Archive for the Renal Category

Book/blog Review – Fluid, electrolyte and acid-base companion/PB fluids.com

Posted in Blog Reviews, Book / Article Reviews, Free Free Free, Renal with tags , on April 30, 2010 by The Beaver Medic

The fluid, electrolyte and acid-base companion was written by Sarah Faubel, MD and Joel Topf, MD. Joel writes the very well-produced nephrology blog PB (Precious body) Fluids. More on that later.

The book’s 591 pages describe bodily homeostasis in regards to fluid and electrolyte balance as well as the various pathologies that can arise from imbalances. Included are both theoretical explanations of the anatomy and physiology underlying these concepts as well as clinical assessment and treatment information. What I like most about this book is the organizational approach the authors took, similar to Dale Dubin’s Rapid Interpretation of EKGs. Most pages have a large, very well illustrated, image at the top. After some easy to navigate theory there are short questions at the bottom. For a learner with a poor (I mean really poor) background in chemistry and biology I digested each section very quickly.

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Pathology of the Week – Rhabdomyolysis

Posted in Pathology of the Week, Renal, Technical Rescue with tags , , , on April 22, 2010 by The Beaver Medic

Medicalese: rhabdos – rod shaped; myo – related to muscle cells; lysis – break down of cells (greek for to separate). Short forms: rhabdo.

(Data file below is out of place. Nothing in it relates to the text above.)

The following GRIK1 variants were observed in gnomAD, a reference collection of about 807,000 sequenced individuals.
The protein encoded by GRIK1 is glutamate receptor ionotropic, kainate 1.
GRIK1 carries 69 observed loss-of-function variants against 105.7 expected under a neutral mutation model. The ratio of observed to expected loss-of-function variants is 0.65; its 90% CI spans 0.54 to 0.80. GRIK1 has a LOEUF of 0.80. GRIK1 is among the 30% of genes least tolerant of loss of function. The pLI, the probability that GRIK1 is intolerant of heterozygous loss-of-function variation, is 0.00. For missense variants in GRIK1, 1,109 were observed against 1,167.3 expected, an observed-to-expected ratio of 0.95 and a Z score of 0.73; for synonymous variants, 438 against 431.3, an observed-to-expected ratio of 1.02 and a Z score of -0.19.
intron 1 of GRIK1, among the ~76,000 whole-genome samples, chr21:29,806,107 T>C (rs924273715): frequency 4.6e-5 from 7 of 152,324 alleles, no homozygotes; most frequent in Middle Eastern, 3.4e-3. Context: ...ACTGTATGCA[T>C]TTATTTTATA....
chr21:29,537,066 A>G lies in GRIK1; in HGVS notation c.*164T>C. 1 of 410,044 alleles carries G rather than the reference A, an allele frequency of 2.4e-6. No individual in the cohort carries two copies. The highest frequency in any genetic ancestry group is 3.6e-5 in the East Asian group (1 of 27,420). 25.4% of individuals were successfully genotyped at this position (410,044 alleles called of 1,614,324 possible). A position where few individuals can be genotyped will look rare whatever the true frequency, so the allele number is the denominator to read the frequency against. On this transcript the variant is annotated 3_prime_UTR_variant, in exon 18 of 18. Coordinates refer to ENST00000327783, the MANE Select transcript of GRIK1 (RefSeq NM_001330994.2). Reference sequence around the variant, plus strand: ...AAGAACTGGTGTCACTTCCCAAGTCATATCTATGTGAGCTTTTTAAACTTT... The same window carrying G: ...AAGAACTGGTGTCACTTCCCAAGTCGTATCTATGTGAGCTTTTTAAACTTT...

Rhabdomyolysis occurs when certain types of muscle cells (striated ones) break down allowing their contents to spill out into the bloodstream (the extracellular space). One of the contents of the cell is myoglobin which can damage a sensitive part of the kidneys called the tubules. The blood can handle some myoglobin floating around because it binds it to proteins which are too large to fit through the porous membranes of the glomeruli. When too much myoglobin is floating around in blood plasma not all of it becomes bound to protein and some passes into the sensitive renal tubules. A part of the myoglobin, heme, accumulates in the tubules and creates casts that cause tubule death and resultant acute renal failure. I will reference nephrologist Dr. Joel Topf’s 2009 case study as well as this 2000 Van Holder et al review (free public access). See also this physical therapist oriented video.

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The Kidneys

Posted in Renal with tags , , , , , , on January 19, 2010 by The Beaver Medic

Peeeeeeeee. We all do it. What happens when we do not? Bad things. Very bad things actually. I was astounded to learn the importance of a seemingly tertiary bodily activity. And so I present a quick look at renal function.

As Jeffrey Guy, MD put it, “Our bodies are basically large bags of saltwater”. An adult man, weighing 80 kg, has approximately 48 kg of H2O within his body (ref: IV Therapy Podcast). The human body has two kidneys which produce urine for various homeostatic purposes. These include regulating the amount of saltwater within the body as well as the components of the saltwater.

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